Mobile internet remains unavailable in Iran.
The latest wave of protests in Iran ended in the deaths of hundreds of demonstrators. Due to the shutdown of the Internet in most of the country, information about the killing of 151 protesters was leaked outside Iran only through human rights defenders. There were no other channels.
Iranian authorities have tried to control social networks and instant messengers in the past, but in a more targeted way, banning applications such as Telegram (but to no avail: even some prominent officials run Telegram channels). Also, Gmail, Instagram, WhatsApp, and Facebook were banned in Iran.
But the blocking of all Internet traffic in large part of the country's territory has occurred for the first time in Iran. We tried to figure out how it was organized from a political and technical point of view.
How long did the blocking last?
According to the non-profit service Netblocks, Internet traffic in and out of Iran fell sharply last Friday evening. Thus, the blocking has lasted for the seventh day.
On Thursday, monitoring agencies saw traffic from Iran pick up slightly up to 8% from the initial level. "The authorities said there were no protests in the southern cities, it was calm there, so the internet will be returned to them," says Faren Taghizade, a social media analyst with the BBC's Persian service.
Also, access was partially returned to a number of universities, but we are talking only about computers: mobile Internet remains unavailable in all cities.
Iran's information ministry said Thursday that internet access would gradually return to the country. The ministry did not give any specific information on the timing of the return of access.
Who made the decision?
Formally, the Internet in Iran is supervised by the Ministry of Information. It is from him that messages about blocking and their removal are received.
However, the decision to block access to the network amid recent protests was adopted by the Iranian Security Council, which controls the Ministry of Internal Affairs.
The country has two security councils, explains Persian service editor Mohammed Waziri. The Ministry of the Interior controls the first. The second the Supreme National Security Council of Iran includes:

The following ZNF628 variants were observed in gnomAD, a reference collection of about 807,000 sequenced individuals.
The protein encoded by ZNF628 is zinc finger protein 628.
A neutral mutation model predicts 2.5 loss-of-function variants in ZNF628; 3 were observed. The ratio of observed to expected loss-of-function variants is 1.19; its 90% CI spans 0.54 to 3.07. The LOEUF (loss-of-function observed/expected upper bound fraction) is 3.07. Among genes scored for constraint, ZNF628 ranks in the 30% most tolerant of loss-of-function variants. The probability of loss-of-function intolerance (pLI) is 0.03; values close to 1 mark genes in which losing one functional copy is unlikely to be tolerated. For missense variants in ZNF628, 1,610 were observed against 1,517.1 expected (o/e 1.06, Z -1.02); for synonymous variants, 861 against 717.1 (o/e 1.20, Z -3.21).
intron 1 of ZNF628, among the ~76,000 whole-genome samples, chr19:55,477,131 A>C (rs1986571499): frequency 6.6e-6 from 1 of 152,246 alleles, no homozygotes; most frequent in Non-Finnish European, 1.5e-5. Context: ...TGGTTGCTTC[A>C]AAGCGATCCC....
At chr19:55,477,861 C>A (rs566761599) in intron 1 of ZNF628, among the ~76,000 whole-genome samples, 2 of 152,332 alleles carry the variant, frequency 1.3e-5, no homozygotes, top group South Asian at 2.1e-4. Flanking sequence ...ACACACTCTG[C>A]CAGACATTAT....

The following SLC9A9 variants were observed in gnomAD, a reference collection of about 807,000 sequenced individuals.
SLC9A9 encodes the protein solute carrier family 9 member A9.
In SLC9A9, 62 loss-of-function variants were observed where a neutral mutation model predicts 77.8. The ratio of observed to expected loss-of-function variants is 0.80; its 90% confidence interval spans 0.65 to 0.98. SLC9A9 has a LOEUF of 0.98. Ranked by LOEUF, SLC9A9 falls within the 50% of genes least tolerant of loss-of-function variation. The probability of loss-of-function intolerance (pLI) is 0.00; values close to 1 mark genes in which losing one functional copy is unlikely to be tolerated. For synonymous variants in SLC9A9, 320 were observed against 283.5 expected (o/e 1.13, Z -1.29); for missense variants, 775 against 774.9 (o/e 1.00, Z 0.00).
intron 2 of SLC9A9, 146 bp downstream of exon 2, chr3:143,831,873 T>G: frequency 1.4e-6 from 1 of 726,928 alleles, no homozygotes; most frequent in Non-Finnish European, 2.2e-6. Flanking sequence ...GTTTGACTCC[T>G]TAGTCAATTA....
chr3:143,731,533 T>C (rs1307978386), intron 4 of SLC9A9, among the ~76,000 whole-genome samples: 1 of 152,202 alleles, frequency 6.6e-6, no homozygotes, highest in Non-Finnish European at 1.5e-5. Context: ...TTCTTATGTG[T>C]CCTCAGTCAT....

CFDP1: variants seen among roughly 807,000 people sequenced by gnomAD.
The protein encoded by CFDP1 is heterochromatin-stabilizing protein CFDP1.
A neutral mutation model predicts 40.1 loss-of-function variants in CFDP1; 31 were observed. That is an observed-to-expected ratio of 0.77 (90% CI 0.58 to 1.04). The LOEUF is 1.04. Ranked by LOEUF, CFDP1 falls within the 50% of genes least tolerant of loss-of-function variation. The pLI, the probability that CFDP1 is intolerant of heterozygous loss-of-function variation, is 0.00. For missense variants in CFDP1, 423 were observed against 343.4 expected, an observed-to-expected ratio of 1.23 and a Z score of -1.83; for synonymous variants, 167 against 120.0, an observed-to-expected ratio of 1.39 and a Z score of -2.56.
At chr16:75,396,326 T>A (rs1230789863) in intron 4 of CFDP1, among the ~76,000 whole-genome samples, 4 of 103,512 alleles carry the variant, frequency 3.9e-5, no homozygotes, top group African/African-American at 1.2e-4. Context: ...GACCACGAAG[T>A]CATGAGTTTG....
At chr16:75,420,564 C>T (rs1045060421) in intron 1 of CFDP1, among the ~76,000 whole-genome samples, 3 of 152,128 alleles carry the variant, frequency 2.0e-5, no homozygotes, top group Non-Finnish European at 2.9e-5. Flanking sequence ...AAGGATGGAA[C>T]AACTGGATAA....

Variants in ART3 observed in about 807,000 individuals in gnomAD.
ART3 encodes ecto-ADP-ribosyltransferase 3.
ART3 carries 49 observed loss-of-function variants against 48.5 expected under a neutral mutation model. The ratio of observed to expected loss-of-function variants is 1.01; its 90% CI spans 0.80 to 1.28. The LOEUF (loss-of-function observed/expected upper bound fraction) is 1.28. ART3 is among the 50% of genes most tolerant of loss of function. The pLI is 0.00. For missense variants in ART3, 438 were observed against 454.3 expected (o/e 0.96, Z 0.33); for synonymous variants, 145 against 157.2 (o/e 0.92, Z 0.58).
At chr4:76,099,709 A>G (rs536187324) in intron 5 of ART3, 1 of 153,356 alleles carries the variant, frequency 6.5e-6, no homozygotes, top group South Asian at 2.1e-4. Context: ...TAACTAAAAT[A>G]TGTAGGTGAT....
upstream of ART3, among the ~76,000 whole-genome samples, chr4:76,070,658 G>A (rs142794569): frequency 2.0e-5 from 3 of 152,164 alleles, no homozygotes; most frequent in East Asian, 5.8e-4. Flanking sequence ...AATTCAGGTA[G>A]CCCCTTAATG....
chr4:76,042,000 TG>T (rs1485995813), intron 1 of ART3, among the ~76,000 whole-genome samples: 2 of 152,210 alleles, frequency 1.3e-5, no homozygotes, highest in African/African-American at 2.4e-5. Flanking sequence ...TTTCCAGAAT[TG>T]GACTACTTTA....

• The president.
• The head of the judiciary.
• Commanders of the army and navy.
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"Interestingly, the first council decided to block, that is, in fact, by the police. When we found out about this, we usually double-checked such a decision would have to reach the Supreme Council of National Security," says Vaziri.
It means that the security forces wanted to act quickly. If this issue were brought to the Supreme Council of National Security's agenda, it would take much longer and, perhaps, there would be opponents to the proposal to block the network, says Vaziri.
How was this implemented technically?
According to the Chinese model, Iran has long been working to create an internal "sovereign Internet," said Amir Rashidi, an analyst on digital rights at the Washington-based non-profit organization Iran's Human Rights Center.
This system has been under development for a long time and has already passed several test runs. Iran tries to create its own Internet.
In Iran, Rashidi says, every ISP is not just licensed by its local counterpart, Roskomnadzor. Companies are physically given access to one of two access points through which traffic goes from Iran to the outside world.
Now the Internet has returned only to some parts of the country.
This is handled by the Iranian Telecommunications Company, owned by the government, Rashidi explains. It is also one of the two points of access to the global Internet, the second is one of the Iranian universities.
What is the damage?
NPO Netblocks, which monitors traffic access to Iran, estimates the economic damage from blocking the Internet at 60 million per day, a spokesman for Alp Toker told the BBC.
How exactly the company calculated the damage, he did not say.
The Iranian newspaper Etemaad writes that the damage to the economy for all the days of the shutdown amounted to 800 million or 9 trillion rials.
The outage affected interbank transactions and business communication. The exchange has become impossible, Ali Kolai, a member of the Tehran Chamber of Commerce, told a local news agency. For several months, he tried to open an account in a European bank, bypassing international sanctions. Still, at the last moment, he could not send the necessary documents to the bank.